• The ability to impose disadvantageous or restrictive non-price contractual restraints on counterparties, such as noncompete clauses, or to revise contractual terms in one’s own favor, without compensation.
  • The ability to exclude competitors from the market.
  • Profits or payouts to shareholders in excess of a firm’s cost of capital.

All of these are economic evidence of market power, so in keeping with antitrust law’s aim to reflect economics research in its jurisprudence, each of them should be (individually) acceptable as a proof of a firm’s market power for antitrust purposes.

Moreover, the recent Supreme Court case Ohio v. American Express unduly loosened the criteria for market power by permitting “two-sided platforms” their own special right to combine the markets on each side of the platform when assessing market definition—all but immunizing them from antitrust attack. Furthermore, the decision overlooks the basic point of market definition in antitrust analysis: it is an indirect means of detecting market power. When direct evidence exists, as was the case with American Express and is the point of the indicia enumerated above, that direct evidence should trump circumstantial evidence.

Congress should declare that Ohio v. American Express was wrongly decided and reiterate the market definition principle that Chairman Simons outlined in Senate testimony: that the counterparty’s elasticity of supply (or demand) is what should determine the extent of an antitrust market. 

Streamlining Monopolization Procedure

Judicial rulings like the appellate court’s decision in United States v. Microsoft impose significant burdens on plaintiffs seeking to enforce the antitrust laws by establishing a “burden-shifting” framework that improperly turns judicial proceedings into the simulacrum of an academic seminar. Given the economy’s existing excessive concentration of market power, the procedural hurdles on plaintiffs, especially on public enforcement agencies, need to be removed. Instead, the following should be presumptive violations of Section 2 of the Sherman Act if they are undertaken by firms with market power, as defined under any one of the indicia listed above.

  • Any unlawful conduct that helps a firm attain or maintain market power.
  • Predatory pricing (without the need to show “recoupment,” the requirement established by the case Brooke Group v. Brown and Williamson). Lina Khan has shown that predatory pricing has become a favored business model by which tech platforms attain and defend their dominance.
  • Refusals to deal, which have become a significant means by which dominant tech platforms ensure that upstarts at a different stage of the supply chain are prevented from competing in the monopolized market segment. For example, the recent evidence that Facebook disconnected Twitter’s “Vine” app from access to the Facebook friends of its users would be a refusal to deal within the meaning of Section 2 liability.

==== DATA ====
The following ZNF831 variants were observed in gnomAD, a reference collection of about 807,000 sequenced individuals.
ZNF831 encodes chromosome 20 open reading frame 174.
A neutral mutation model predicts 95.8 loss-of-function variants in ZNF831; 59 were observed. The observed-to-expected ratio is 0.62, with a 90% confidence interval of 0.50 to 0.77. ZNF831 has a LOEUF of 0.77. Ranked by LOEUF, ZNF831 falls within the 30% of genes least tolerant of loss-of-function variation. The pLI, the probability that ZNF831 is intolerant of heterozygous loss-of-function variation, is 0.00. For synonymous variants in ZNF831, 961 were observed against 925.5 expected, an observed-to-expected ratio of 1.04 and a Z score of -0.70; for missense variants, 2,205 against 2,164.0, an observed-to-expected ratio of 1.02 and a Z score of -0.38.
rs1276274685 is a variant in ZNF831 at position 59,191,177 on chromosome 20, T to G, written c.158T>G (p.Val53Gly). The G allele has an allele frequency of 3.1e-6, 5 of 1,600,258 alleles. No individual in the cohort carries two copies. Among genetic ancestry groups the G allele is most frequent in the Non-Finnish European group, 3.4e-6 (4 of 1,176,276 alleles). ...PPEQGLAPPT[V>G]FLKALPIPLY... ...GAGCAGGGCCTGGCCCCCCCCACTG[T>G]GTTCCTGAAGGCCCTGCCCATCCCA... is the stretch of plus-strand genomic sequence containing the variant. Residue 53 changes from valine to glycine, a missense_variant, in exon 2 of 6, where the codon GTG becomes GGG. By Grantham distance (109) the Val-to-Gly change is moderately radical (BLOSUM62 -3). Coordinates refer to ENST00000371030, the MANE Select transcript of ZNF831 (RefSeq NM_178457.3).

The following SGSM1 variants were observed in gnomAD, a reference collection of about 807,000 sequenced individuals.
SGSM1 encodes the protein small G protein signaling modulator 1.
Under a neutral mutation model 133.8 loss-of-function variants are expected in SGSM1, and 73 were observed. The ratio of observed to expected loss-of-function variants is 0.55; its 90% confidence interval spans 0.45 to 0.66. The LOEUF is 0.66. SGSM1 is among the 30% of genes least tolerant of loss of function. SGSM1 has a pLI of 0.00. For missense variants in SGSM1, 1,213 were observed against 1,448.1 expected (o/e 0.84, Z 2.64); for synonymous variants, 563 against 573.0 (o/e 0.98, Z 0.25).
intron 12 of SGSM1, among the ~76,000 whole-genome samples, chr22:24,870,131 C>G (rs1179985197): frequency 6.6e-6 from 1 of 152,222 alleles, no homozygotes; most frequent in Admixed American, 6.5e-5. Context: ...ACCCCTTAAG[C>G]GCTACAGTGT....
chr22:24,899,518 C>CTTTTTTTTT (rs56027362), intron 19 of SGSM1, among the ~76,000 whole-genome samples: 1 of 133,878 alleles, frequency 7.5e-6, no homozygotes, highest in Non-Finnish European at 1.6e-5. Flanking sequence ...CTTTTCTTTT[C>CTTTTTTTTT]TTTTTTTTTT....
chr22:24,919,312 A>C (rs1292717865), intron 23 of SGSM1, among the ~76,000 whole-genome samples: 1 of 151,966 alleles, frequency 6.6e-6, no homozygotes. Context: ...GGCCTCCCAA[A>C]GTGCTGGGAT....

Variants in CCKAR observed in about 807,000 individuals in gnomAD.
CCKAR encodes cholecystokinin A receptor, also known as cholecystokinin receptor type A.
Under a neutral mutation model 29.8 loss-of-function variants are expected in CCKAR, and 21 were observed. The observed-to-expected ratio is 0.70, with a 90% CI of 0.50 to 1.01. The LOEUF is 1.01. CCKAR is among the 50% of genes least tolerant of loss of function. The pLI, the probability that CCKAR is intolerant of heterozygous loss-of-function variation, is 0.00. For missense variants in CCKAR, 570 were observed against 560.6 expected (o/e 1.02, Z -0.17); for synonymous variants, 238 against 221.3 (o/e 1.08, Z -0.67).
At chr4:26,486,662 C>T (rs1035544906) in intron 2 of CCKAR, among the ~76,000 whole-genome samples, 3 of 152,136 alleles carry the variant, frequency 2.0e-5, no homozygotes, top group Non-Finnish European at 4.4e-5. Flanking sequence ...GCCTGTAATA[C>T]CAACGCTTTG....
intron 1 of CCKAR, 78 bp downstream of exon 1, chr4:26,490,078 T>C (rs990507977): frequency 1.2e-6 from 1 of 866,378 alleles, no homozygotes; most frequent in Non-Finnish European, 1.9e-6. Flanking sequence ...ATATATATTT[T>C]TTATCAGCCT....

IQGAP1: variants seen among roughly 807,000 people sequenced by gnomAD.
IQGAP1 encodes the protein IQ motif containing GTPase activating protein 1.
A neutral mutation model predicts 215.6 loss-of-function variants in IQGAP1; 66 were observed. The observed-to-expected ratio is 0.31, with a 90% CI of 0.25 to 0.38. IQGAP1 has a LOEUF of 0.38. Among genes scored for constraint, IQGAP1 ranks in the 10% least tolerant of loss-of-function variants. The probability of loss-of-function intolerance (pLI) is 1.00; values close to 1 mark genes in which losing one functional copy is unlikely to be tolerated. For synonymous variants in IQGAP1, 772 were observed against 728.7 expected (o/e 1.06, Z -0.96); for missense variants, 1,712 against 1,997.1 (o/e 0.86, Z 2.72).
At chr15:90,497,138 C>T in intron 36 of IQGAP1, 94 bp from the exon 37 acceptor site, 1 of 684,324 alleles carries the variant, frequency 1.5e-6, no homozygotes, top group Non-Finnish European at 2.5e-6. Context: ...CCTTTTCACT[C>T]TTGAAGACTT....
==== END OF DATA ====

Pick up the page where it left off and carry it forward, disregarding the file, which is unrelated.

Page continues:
• Exclusive dealing, whereby dominant firms demand of their counterparties that they be the sole supplier or customer.
  • Tie-ins, where dominant firms require their customers to purchase other products, thereby inhibiting entry that threatens their monopoly status. The aforementioned Microsoft monopolization litigation put tie-ins in ambiguous legal territory. But since then, as vertical integration has become the prevalent tech business model, it’s clear dominant platforms use such tactics to extend their dominance into new product segments and protect against competition from rivals up or downstream.

Merger Enforcement

As with monopolization, merger enforcement has become an excessively burdensome and costly exercise in pretending to debate economic substance, thanks to bad court precedents like United States v. Baker Hughes. By contrast, the intent of the Clayton Act was to ensure that monopoly power would be prevented “in its incipiency” by limiting mergers.

The burden of proof that a merger would not substantially harm competition or tend to create monopoly power should be transferred from plaintiffs and the government to the merging parties in cases where either one has market power, or where concentration would increase by a significant amount in any antitrust market, either upstream or downstream. Following decades of experience with the misguided theory that vertical mergers can’t harm competition, and its dire results, particularly in telecoms and tech, vertical mergers in which either or both parties have market power should be presumptively illegal. Furthermore, the argument that vertical mergers create “efficiencies” that are passed to consumers in the form of lower prices has repeatedly proven fanciful, and such arguments should not be entertained as part of merger enforcement.

Conclusion

There’s a lot of work for Congress to do cleaning up the mess that antitrust law has become following 40 years of motivated judges replacing the law with their misguided ideology, on the assumption that Congress would do nothing to stop them because antitrust was a highly technical matter best left to the experts. That elitist ideology has produced an economic disaster. It’s time for Congress, the democratically-accountable branch of government, to re-take the reins of control over antitrust and stop letting right-wing judges and cowed enforcers set the agenda.